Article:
Animal Husbandry and Nutrition / Florida Agricultural
Mimeograph Series No. 59-5 Experiment Station
S9, 'February, 1959
COMPARISON OF PROTEIN SUPPLEMENT GTROWING-FINISHING SWINE /
G. E. Combs, H. D. Wallace, R. B. Christmas and G. E. McCabeI
In the selection of a protein supplement for growing-finishing swine two of
the most important considerations are protein quality and cost. A valuable aid
to this selection is information concerning the comparative performance of pigs
fed various sources of protein since a comparable rate and efficiency of gain
indicates that the feeds are of similar quality. In such instances cost then
becomes the important consideration.
Previous studies have demonstrated the relative feeding value of sunflower
seed meal (4), cottonseed meal (3), poultry meat meal (I), and feather meal (2).
as protein supplements. The present study was concerned with the comparative
performance of pigs fed rations containing either soybean oil meal, tankage, a
combination of soybean oil meal and tankage or a commercial protein supplement.
Experiment I Soybean oil meal vs. tankage vs. soybean oil meal-tankage mixture.
Twenty-four pigs of mixed breeding were allotted on the basis of'initial ,';.
weight and breed to three ration treatments. The pigs had an average initial.
weight of approximately 83.5 pounds and were fed the experimental rations for
a 70 day period.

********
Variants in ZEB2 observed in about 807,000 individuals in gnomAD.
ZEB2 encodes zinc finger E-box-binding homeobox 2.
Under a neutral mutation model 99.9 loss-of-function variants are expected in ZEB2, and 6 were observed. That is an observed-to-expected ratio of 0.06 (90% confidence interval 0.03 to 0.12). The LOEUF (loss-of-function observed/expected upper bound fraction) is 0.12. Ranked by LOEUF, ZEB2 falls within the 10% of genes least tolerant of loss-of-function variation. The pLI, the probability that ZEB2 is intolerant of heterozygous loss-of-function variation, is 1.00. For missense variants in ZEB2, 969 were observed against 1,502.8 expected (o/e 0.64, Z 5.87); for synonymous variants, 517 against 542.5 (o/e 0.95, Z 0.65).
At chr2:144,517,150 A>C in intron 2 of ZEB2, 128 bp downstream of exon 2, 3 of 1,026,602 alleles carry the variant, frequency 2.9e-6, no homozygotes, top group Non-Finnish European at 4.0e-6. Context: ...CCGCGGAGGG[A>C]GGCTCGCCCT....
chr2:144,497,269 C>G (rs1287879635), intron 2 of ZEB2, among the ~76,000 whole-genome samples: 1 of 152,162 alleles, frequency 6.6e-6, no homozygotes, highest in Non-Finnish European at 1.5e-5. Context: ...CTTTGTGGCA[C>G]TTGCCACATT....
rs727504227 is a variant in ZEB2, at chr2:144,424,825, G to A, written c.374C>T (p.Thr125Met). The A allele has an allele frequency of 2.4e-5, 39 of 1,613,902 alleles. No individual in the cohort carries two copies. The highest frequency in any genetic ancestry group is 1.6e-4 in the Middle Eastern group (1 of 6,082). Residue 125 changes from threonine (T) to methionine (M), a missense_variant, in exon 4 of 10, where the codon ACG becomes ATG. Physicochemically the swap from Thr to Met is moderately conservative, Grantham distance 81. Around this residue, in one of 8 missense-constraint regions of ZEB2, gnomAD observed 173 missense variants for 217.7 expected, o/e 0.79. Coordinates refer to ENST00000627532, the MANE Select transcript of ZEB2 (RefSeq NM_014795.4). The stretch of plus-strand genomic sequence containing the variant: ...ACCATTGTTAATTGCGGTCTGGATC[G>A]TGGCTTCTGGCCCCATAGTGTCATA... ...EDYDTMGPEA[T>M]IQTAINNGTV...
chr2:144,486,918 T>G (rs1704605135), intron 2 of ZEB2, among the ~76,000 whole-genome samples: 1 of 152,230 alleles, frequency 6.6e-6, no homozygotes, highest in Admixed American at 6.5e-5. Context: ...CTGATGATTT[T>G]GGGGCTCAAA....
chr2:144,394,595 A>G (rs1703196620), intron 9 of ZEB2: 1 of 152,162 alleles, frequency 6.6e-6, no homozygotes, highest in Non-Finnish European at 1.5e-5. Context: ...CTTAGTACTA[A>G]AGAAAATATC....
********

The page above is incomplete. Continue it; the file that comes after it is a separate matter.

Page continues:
Experiment 2 Soybean oil meal vs. tankage vs. soybean oil meal-tankage mixture.
Thirty Duroc weanling pigs having an average initial weight of approximately
33.5 pounds were divided into three lots of 10 pigs each. The experiment was
terminated after a period of 56 days.
Experiment 3 Soybean oil meal vs. commercial supplement.
Twenty pigs were divided on a weight basis into two lots. The pigs had an
average initial weight of 97 pounds and were on experiment for 63 days.
The pigs in all experiments were kept in concrete-floored pens and were fed
complete-mixed rations. Feed and water was provided by self-feeders and automatic
ICombs, Assistant Animal Husbandman, Wallace, Associate Animal Husbandman;
Christmas and McCabe, Graduate Assistants, Department of Animal Husbandry and
Nutrition, University of Florida, Gainesville. The assistance of W. E. Collins
and L. S. Taylor, Swine Herdsmen, is gratefully acknowledged.
waterers. The ration treatments for the three experiments were as follows:
SBOM + Tankage
SBOM + Tankage
The composition of the rations used is shown in Table 1.
Table I. Composition of Rations
Experiments I & 2 Experiment 3
SBCM Tankage Tankage SBOM Suoolement
Ground yellow corn 82.1 89.0 85.5 79.1 78.0
Soybean oil meal (44%) 15.0 --- 7.2 18.0
Tankage (60%) --- 10.0 5.3 --
Commercial Supplement- --- ---- -- -- 22.0
Ground limestone .5 .1 -1.0 ---
Steamed bone meal 1.5 ---- 1.1 1.0
Salt iodizedd) .5 .5 .5 .5
Trace minerals .1 .1 .1 .1
Antibiotic supplement2t .1 .1 .1 .1 --
Vitamin supplement .1 .1 .1 .1 ---
Vitamin B12 supplement/ .1 .1 .1 .1
/The commercial supplement contained a mixture of animal
was fortified with minerals, vitamins and antibiotics.
and plant proteins and
/TM-IO containing 10 grams of oxytetracycline per pound was used in Experiments
I and 2. Aurofac-lO containing 10 grams of chlortetracycline per pound was used
in Experiment 3.
Pfizer Vitamin Supplement No. 2 was used in Experiments I and 2 and Lederle's
Fortafeed 249-C was used in Experiment 3.
-/Pfizer's Vitamin BI2 Supplement (9 ) containing 9 milligrams of 8,2 activity
Results and Discussion
..A.summary of tIe.results obtained in Experiments I and 2 and in Experiment 3
is'presented in tables 2 and 3 respectively,
While none of the differences among ration treatments were statistically